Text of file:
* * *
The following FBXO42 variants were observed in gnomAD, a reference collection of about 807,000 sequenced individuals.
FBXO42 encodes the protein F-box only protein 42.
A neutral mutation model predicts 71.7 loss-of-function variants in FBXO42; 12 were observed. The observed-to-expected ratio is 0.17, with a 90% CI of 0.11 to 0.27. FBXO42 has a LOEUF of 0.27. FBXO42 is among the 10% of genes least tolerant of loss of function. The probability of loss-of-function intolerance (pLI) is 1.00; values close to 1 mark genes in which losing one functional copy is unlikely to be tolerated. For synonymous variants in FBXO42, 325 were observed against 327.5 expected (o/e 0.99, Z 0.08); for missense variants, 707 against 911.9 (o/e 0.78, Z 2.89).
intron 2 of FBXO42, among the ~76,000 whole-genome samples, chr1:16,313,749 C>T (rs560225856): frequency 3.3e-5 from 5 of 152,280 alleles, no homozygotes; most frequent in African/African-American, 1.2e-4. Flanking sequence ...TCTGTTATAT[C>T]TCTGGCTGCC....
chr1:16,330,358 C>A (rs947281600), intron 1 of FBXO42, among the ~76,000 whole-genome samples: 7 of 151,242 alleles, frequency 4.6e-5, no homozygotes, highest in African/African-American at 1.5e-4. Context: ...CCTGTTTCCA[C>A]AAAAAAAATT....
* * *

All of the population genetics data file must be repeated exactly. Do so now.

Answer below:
The following FBXO42 variants were observed in gnomAD, a reference collection of about 807,000 sequenced individuals.
FBXO42 encodes the protein F-box only protein 42.
A neutral mutation model predicts 71.7 loss-of-function variants in FBXO42; 12 were observed. The observed-to-expected ratio is 0.17, with a 90% CI of 0.11 to 0.27. FBXO42 has a LOEUF of 0.27. FBXO42 is among the 10% of genes least tolerant of loss of function. The probability of loss-of-function intolerance (pLI) is 1.00; values close to 1 mark genes in which losing one functional copy is unlikely to be tolerated. For synonymous variants in FBXO42, 325 were observed against 327.5 expected (o/e 0.99, Z 0.08); for missense variants, 707 against 911.9 (o/e 0.78, Z 2.89).
intron 2 of FBXO42, among the ~76,000 whole-genome samples, chr1:16,313,749 C>T (rs560225856): frequency 3.3e-5 from 5 of 152,280 alleles, no homozygotes; most frequent in African/African-American, 1.2e-4. Flanking sequence ...TCTGTTATAT[C>T]TCTGGCTGCC....
chr1:16,330,358 C>A (rs947281600), intron 1 of FBXO42, among the ~76,000 whole-genome samples: 7 of 151,242 alleles, frequency 4.6e-5, no homozygotes, highest in African/African-American at 1.5e-4. Context: ...CCTGTTTCCA[C>A]AAAAAAAATT....